Though the primary polls are closed, some of the races are too close to call until every last vote has been counted.
On the peninsula, three Legislature races are pending with the candidates separated by 30 votes or fewer. As of Wednesday afternoon, without absentee ballots counted, candidate Ron Gillham was leading the race for the Republican nomination in Senate District O over incumbent Peter Micciche by nine votes. In House District 29, candidate Wayne Ogle had a lead of only three votes over candidate Ben Carpenter for the Republican nomination in that race. In District 31, candidate Sarah Vance has a 30-vote lead over candidate John Cox for the Republican nomination.
On Tuesday, the Alaska Division of Elections counted early ballots cast through Monday and the first count of absentee ballots logged up to the Friday before. Next Tuesday, the division will count the early ballots voted on Aug. 21, will conduct a second count of absentee ballots in districts where voter history and duplicate voter checks are complete and the first count of questioned ballots.
The final count for the primary will be completed on Aug. 31, at which point all remaining absentee and questioned ballots will be counted.
There are a number of absentee, questioned and early ballots in both districts, and with the margins narrow, the races are too close to call yet.
According to the Division of Election, Micciche holds the lead among voters from Nikiski, Sterling and Seward while Gillham holds the edge in the Kenai/Soldotna area. Because there are no Democratic challengers in the District O race, the winner of the Republican primary will likely take the general election in November unchallenged.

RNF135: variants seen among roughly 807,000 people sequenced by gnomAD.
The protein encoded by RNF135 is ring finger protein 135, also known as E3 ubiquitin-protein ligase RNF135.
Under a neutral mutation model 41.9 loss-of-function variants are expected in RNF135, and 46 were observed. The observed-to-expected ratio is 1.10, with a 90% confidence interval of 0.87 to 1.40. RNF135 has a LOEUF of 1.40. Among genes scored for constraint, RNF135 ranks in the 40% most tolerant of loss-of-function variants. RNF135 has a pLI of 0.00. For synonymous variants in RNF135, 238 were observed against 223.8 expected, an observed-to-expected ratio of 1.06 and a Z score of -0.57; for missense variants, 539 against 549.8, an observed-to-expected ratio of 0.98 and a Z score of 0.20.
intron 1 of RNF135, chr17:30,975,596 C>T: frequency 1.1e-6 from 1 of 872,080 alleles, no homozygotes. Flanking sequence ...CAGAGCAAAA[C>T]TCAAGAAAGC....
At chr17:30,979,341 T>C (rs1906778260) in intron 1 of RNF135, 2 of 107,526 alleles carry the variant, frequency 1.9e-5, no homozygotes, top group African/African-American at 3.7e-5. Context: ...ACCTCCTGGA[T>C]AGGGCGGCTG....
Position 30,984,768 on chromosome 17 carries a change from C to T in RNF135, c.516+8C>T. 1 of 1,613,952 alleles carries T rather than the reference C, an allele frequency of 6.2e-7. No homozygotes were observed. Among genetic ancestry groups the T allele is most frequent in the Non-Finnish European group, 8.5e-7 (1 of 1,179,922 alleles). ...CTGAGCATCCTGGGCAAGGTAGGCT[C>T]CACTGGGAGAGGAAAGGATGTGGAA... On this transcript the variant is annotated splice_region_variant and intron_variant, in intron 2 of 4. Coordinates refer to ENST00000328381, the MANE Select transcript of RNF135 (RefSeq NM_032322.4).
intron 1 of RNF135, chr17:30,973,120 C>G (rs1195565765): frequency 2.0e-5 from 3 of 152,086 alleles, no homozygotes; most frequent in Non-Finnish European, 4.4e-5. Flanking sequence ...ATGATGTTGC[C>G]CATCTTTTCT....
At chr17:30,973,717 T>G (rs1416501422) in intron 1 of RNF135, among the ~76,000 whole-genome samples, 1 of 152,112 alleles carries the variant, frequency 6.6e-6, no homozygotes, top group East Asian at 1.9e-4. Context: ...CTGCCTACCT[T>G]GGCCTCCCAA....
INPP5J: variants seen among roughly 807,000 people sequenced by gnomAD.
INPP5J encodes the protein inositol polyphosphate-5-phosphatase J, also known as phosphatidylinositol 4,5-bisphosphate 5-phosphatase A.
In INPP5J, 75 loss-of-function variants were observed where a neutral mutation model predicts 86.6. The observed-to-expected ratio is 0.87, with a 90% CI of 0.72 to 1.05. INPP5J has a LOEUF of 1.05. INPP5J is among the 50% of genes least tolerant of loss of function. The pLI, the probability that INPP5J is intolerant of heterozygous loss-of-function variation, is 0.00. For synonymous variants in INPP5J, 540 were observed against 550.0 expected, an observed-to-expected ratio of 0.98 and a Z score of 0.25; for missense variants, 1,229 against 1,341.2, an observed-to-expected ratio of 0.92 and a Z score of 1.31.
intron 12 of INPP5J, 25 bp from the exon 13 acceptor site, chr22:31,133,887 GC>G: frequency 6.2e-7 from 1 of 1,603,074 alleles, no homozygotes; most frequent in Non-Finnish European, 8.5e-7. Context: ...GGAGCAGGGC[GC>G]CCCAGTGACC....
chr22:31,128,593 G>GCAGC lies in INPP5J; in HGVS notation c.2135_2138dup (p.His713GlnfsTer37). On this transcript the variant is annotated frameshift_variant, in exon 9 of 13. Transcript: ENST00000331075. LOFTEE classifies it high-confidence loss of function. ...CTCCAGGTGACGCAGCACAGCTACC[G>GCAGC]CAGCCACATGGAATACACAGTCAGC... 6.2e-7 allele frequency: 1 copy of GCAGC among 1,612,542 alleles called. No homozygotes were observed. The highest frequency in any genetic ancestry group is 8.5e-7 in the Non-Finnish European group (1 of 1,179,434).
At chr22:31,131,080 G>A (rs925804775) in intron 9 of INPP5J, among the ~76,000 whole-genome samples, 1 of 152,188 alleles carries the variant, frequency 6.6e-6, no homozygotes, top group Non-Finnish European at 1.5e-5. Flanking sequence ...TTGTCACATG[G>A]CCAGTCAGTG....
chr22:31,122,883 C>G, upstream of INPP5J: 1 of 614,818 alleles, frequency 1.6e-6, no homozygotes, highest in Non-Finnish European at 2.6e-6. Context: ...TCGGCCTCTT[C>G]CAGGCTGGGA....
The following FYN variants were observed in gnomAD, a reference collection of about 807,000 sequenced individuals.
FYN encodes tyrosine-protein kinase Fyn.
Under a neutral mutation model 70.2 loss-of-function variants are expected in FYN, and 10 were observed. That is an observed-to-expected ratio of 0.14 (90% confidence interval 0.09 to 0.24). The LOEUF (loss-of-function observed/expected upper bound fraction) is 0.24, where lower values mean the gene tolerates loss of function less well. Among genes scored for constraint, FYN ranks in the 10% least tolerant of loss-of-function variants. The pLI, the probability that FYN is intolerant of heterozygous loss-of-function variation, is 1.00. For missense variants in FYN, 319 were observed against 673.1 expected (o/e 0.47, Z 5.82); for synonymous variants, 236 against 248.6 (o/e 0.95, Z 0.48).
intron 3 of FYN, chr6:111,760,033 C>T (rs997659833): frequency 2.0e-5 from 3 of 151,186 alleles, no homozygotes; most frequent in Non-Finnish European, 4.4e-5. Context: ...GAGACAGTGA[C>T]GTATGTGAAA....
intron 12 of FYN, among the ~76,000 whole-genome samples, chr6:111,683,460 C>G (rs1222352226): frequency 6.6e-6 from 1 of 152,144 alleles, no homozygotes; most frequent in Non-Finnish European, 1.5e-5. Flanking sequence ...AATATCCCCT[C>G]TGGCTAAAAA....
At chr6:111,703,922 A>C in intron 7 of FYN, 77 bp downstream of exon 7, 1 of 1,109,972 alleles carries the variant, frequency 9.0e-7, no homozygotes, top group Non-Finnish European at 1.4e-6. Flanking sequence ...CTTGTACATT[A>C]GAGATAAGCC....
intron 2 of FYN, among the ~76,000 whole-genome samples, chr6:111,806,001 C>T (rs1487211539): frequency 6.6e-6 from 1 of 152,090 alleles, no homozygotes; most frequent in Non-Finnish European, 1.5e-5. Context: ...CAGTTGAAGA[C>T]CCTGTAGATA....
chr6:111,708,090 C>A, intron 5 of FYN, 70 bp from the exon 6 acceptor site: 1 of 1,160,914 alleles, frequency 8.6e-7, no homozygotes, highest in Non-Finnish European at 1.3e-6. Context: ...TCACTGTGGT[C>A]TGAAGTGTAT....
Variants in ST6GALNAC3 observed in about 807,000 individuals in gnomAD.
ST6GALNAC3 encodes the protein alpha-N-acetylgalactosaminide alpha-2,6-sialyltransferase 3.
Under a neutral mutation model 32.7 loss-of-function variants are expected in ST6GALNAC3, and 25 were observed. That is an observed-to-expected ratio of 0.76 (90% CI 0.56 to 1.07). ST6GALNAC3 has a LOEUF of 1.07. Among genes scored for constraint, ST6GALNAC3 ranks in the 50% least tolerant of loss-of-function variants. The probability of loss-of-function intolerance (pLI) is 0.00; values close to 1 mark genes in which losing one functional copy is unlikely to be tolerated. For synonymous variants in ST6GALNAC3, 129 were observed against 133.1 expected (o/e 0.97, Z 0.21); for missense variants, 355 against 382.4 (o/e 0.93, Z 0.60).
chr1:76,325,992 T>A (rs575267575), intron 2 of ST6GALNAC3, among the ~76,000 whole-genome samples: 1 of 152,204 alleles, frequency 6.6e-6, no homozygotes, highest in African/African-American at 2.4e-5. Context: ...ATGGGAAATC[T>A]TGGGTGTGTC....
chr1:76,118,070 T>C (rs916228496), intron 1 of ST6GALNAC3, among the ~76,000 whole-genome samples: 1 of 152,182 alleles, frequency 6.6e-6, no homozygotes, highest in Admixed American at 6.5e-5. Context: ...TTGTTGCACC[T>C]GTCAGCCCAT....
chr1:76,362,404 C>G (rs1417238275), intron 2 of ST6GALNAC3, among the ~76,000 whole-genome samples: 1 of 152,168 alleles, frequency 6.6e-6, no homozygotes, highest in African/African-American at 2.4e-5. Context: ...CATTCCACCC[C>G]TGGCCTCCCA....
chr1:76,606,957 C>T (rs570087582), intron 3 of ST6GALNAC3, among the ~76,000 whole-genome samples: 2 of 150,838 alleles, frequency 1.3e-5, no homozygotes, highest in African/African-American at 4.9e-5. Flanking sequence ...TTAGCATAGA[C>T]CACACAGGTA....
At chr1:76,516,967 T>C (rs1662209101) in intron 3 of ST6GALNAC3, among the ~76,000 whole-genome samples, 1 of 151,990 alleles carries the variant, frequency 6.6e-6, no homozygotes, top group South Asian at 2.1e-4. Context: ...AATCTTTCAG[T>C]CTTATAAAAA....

In District 29, Ogle held the lead in the Nikiski and Funny River areas while Carpenter took the lead in Sterling, Cooper Landing, Moose Pass and Seward. The winner will face Democratic nominee Shawn Butler — who had no challengers in the Democratic primary — in the general election for the District 29 seat.
In District 31, Vance took the lead in Happy Valley, Ninilchik, Kasilof and Homer while Cox holds the edge in Anchor Point and Fritz Creek. The winner will face Democratic nominee Paul Seaton — who ran as a nonpartisan candidate in the Democratic primary this year after the Alaska Republican Party ousted him in response to his decision to join the bipartisan House Majority Caucus — in November.
Seaton said he was pleased with the number of people who turned out to vote for him in the primary. Seaton had 1,319 votes cast for him by the end of the night Tuesday, according to the preliminary results.
“I think there were a number of people who took the Republican ballot and nonpartisan,” he said.
Seaton said he’s now looking forward to continuing the campaign by being “open and transparent” with people and making the rounds in the debate and forum circuit.
“It’ll be interesting because the Republican Party has been advising some of their candidates not to participate in any debates or forums,” he said.
Vance, running in her first state election, mounted a social-media based campaign and did not provide interviews with the Homer News and KBBI public radio.
On election night she also did not return several phone calls seeking comment about the election.
The unofficial results of the gubernatorial race show a decisive victory for candidate Mike Dunleavy in most areas of the peninsula. Republican primary voters in every precinct in the central peninsula except Kenai number 3 favored Dunleavy. Dunleavy’s popularity waned on the southern and eastern peninsula, with the voters south of Kachemak Bay, in Seward and in Hope favoring candidate Mead Treadwell.
Homer News staff Michael Armstrong and Megan Pacer contributed reporting. Reach Elizabeth Earl at firstname.lastname@example.org.